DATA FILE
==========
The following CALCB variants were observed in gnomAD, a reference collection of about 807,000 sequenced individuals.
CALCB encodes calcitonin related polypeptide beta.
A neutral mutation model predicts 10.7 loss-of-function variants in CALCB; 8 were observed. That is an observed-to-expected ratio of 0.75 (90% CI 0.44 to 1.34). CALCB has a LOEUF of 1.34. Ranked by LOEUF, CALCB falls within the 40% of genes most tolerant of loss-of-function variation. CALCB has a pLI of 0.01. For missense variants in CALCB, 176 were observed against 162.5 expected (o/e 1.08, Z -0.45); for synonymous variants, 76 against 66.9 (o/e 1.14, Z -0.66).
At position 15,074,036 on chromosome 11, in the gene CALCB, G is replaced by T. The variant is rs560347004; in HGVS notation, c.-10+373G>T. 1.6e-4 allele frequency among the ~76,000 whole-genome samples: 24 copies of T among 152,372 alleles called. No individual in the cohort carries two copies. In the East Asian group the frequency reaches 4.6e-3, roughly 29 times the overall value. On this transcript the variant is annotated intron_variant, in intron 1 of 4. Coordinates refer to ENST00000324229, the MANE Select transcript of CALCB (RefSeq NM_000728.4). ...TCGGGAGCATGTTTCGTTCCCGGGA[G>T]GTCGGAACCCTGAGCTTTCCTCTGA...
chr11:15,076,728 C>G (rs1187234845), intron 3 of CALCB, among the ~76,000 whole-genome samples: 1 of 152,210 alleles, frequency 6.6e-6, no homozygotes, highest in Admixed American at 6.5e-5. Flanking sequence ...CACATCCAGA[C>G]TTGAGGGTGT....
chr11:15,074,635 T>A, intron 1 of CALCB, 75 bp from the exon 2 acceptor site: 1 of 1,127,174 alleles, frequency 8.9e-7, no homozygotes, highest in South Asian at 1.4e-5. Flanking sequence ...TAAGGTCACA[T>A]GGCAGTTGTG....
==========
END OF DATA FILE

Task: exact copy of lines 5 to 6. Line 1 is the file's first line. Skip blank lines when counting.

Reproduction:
chr11:15,076,728 C>G (rs1187234845), intron 3 of CALCB, among the ~76,000 whole-genome samples: 1 of 152,210 alleles, frequency 6.6e-6, no homozygotes, highest in Admixed American at 6.5e-5. Flanking sequence ...CACATCCAGA[C>G]TTGAGGGTGT....
chr11:15,074,635 T>A, intron 1 of CALCB, 75 bp from the exon 2 acceptor site: 1 of 1,127,174 alleles, frequency 8.9e-7, no homozygotes, highest in South Asian at 1.4e-5. Flanking sequence ...TAAGGTCACA[T>A]GGCAGTTGTG....